Monday, February 18, 2008

Adventures in the World of Comps

Well, I jumped back in to the comp scene again after a two year hiatus. The only thing holding me back was fear of failure, so why not sign up at the last minute again and go for it?
US Freeskiing Logo
To quote some greats:

Ralph Waldo Emerson: “Do the thing you fear and the death of fear is certain.”

Eleanor Roosevelt: “You gain strength, courage, and confidence by every experience in which you must stop and look fear in the face. You must do the thing you think you cannot do.”

Mark Twain: “Courage is resistance to fear, mastery of fear— not absence of fear.”

Herodotus: “Great deeds are usually wrought at great risk”
Get the idea?

So many people never achieve what they are truly capable of because they never get started, mostly due to fear. The fear of failure, the fear of success, the fear of the unknown, all seem to be an inhibitor- but learning to face our fears and to then take action anyway, is the foundation of success in anything we do.

Just a day after getting word that our Pakistan- Gasherbrum II ski expedition is a go for this spring, I decided to tackle the Subaru Freeskiing Comp with my new found optimism. The first and last time I competed in a freeski comp was two years ago in the Telluride event- I finished 7th. This time I was cut-off, to my surprise- which happens in judged sporting events. In the 2006 comp, I skied a fast, fluid line and qualified for the finals going in at 8th place; I moved up one spot in the superfinals to 7th. This year, I tried to take advice from a previous judge who told me to incorporate more airs to podium. I did three small airs, with a technical start, and two more then most of the ladies, but was eliminated, I think, due to a long traverse to my last air. No falls, no weird moves, I just didn’t ski a line that the judges liked this time.

To succeed in these type of judged competition forums, it seems wise to sign up for the whole series and thereby learn and apply knowledge gained from one event to the next. You also get to know the other competitors, judges, and venues so as to improve as you go along. The periodic appearance does not bode well for even the best skiers out there. Flipping through result archives, you see that the #1 skier this year could have had 2-3 low finishes in past year. The "it" skier changes every time, and every year.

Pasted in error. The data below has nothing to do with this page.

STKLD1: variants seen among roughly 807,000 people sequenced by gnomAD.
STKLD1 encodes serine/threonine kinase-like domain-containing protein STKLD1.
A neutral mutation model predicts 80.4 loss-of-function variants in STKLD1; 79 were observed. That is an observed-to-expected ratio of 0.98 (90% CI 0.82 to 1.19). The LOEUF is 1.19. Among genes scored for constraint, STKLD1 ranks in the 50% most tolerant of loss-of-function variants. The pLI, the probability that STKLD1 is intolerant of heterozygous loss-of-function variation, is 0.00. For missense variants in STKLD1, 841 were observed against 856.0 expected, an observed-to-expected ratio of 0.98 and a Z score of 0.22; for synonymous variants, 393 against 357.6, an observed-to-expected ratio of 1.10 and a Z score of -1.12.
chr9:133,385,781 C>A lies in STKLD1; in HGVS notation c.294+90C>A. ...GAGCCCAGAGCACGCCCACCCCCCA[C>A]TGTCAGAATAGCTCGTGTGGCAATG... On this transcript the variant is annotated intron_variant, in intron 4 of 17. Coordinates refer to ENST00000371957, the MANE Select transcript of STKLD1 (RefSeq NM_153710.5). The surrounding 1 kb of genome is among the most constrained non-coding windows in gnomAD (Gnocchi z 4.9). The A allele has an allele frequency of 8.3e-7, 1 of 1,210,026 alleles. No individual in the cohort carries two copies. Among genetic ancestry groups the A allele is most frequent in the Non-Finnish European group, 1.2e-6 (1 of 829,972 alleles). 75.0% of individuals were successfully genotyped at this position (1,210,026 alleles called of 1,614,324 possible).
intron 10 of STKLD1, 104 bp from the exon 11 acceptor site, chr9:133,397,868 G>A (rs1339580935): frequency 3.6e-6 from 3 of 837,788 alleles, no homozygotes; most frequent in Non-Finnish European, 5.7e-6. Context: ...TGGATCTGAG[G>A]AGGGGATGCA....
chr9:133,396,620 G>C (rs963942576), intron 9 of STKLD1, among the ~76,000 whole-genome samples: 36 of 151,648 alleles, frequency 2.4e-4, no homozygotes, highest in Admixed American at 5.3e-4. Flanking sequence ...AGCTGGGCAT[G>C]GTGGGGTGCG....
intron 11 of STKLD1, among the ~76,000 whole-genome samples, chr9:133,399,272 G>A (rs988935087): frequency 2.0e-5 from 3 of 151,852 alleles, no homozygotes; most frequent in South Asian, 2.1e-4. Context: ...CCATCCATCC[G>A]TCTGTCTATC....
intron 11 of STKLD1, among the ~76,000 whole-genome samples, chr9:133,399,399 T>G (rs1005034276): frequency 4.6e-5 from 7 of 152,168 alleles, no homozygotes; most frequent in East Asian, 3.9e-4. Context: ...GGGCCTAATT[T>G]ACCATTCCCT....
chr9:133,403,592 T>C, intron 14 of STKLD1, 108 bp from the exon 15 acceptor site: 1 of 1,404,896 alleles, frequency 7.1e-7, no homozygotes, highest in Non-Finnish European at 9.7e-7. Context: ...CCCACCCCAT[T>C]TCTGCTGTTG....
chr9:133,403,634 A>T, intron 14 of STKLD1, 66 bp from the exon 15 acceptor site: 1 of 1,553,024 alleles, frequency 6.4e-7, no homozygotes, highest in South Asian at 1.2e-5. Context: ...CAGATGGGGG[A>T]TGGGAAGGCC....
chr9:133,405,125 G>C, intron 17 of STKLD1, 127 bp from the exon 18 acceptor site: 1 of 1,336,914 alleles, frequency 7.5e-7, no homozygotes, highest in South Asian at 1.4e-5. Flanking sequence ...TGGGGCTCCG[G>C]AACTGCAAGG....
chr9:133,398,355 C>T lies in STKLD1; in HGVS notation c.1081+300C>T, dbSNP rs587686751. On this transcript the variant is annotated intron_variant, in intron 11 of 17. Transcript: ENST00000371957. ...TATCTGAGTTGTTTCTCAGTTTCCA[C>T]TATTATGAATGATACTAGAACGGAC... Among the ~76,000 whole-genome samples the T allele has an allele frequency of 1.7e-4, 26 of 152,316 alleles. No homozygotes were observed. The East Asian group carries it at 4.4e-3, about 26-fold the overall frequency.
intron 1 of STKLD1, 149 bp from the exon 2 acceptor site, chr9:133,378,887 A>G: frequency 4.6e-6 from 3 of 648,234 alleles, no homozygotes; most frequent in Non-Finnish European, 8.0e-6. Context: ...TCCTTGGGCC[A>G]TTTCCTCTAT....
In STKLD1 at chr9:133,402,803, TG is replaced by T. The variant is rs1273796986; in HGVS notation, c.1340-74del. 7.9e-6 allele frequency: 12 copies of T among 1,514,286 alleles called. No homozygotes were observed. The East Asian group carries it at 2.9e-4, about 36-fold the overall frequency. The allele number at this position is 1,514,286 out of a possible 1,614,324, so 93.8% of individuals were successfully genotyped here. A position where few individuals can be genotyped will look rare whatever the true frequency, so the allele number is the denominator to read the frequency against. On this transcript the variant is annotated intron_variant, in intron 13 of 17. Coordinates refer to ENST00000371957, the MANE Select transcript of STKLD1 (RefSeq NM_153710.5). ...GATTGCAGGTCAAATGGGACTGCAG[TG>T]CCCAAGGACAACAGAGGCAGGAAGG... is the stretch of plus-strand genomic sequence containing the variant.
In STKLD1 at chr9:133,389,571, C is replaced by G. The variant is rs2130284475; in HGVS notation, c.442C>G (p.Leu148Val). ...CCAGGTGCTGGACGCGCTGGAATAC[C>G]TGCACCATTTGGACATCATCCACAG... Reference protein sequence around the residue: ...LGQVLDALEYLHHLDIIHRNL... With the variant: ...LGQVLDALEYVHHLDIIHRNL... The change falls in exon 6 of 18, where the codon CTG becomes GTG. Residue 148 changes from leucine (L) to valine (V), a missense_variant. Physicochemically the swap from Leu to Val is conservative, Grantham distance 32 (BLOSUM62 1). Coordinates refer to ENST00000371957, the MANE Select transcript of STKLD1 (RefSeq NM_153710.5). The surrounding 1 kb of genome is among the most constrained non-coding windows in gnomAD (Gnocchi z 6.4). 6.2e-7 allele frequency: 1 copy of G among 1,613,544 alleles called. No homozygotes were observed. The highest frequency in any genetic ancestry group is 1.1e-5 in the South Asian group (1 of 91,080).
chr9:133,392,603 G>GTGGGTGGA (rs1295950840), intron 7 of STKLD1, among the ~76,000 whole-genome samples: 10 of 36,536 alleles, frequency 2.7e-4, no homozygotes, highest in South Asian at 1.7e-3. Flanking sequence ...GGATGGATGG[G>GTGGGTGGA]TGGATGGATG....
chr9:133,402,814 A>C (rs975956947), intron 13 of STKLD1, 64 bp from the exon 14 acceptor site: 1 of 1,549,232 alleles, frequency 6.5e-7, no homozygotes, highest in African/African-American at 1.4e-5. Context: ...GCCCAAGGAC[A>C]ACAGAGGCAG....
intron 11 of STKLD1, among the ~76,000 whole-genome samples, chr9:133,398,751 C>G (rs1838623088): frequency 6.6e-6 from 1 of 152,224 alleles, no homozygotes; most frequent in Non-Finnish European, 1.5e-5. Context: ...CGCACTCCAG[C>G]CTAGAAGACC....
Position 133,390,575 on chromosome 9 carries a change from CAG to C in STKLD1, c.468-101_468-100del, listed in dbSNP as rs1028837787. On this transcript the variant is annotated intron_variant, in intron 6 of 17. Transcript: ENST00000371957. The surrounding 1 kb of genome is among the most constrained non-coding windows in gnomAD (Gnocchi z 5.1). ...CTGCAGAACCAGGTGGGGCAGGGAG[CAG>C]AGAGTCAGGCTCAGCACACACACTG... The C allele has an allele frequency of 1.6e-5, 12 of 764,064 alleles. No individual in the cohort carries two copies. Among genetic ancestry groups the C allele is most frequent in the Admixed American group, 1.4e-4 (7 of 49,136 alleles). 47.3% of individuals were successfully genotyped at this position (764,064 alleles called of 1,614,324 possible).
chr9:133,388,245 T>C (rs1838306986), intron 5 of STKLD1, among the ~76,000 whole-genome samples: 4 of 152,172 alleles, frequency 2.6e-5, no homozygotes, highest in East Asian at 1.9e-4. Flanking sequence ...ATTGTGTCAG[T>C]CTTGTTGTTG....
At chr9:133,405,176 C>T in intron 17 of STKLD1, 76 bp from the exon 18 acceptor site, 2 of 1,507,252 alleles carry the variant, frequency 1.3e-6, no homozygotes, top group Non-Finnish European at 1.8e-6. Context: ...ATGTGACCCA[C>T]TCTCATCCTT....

You learn so much every time you step up to the plate, and this time was no different. You have to learn to fail in order to understand success, but disappointment sure can be a tough pill to swallow, especially in your hometown. I placed behind girls who fell, who have been skiing for only a few years, and other interesting scenarios-- but now I am just hungry for redemption. Maybe Crested Butte’s wait list?

A few of us that competed on Friday had missed the boat on the original sign up for the Subaru Freekskiing Comp events, which filled up in a mere two hours in late November. If you think you want to give this type of competition a shot, it is a very worthy experience and can be invigorating and humbling at the same time. You also come out a better skier every time just from the experience itself, and with new friends and new perspective.

The event organizers appear to be able to get people in off the wait-list…but this is absolutely no guarantee. To sign up for an event- and it is also highly recommended to become a member of the International Freeskiers’ Association to support the “club”-



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